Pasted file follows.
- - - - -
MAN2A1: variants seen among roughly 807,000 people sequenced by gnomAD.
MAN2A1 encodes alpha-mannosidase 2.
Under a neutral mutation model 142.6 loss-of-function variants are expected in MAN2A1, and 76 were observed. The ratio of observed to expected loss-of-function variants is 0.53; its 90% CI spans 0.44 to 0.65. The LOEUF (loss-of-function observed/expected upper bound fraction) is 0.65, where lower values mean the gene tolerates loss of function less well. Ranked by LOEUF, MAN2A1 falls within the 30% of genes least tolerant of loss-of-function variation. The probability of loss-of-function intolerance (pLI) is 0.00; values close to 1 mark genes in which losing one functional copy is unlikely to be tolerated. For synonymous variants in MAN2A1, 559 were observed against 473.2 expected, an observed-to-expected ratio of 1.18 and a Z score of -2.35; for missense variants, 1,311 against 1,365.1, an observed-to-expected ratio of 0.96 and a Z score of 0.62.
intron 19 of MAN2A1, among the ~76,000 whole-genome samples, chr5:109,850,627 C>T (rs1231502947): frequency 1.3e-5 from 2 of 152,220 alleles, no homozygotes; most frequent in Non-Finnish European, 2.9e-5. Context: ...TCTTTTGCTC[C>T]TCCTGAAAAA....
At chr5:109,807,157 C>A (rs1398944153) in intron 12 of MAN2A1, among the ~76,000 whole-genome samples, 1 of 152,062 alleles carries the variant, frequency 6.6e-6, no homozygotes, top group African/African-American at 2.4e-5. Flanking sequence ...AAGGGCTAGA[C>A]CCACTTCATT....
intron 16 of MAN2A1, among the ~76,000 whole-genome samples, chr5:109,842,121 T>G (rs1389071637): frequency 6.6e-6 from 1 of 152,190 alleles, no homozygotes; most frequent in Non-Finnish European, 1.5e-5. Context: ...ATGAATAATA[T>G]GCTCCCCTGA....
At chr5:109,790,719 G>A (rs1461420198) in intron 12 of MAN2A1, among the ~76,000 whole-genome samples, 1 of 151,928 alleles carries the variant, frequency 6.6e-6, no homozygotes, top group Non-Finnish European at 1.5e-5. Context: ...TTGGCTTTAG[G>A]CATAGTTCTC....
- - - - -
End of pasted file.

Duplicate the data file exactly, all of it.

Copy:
MAN2A1: variants seen among roughly 807,000 people sequenced by gnomAD.
MAN2A1 encodes alpha-mannosidase 2.
Under a neutral mutation model 142.6 loss-of-function variants are expected in MAN2A1, and 76 were observed. The ratio of observed to expected loss-of-function variants is 0.53; its 90% CI spans 0.44 to 0.65. The LOEUF (loss-of-function observed/expected upper bound fraction) is 0.65, where lower values mean the gene tolerates loss of function less well. Ranked by LOEUF, MAN2A1 falls within the 30% of genes least tolerant of loss-of-function variation. The probability of loss-of-function intolerance (pLI) is 0.00; values close to 1 mark genes in which losing one functional copy is unlikely to be tolerated. For synonymous variants in MAN2A1, 559 were observed against 473.2 expected, an observed-to-expected ratio of 1.18 and a Z score of -2.35; for missense variants, 1,311 against 1,365.1, an observed-to-expected ratio of 0.96 and a Z score of 0.62.
intron 19 of MAN2A1, among the ~76,000 whole-genome samples, chr5:109,850,627 C>T (rs1231502947): frequency 1.3e-5 from 2 of 152,220 alleles, no homozygotes; most frequent in Non-Finnish European, 2.9e-5. Context: ...TCTTTTGCTC[C>T]TCCTGAAAAA....
At chr5:109,807,157 C>A (rs1398944153) in intron 12 of MAN2A1, among the ~76,000 whole-genome samples, 1 of 152,062 alleles carries the variant, frequency 6.6e-6, no homozygotes, top group African/African-American at 2.4e-5. Flanking sequence ...AAGGGCTAGA[C>A]CCACTTCATT....
intron 16 of MAN2A1, among the ~76,000 whole-genome samples, chr5:109,842,121 T>G (rs1389071637): frequency 6.6e-6 from 1 of 152,190 alleles, no homozygotes; most frequent in Non-Finnish European, 1.5e-5. Context: ...ATGAATAATA[T>G]GCTCCCCTGA....
At chr5:109,790,719 G>A (rs1461420198) in intron 12 of MAN2A1, among the ~76,000 whole-genome samples, 1 of 151,928 alleles carries the variant, frequency 6.6e-6, no homozygotes, top group Non-Finnish European at 1.5e-5. Context: ...TTGGCTTTAG[G>A]CATAGTTCTC....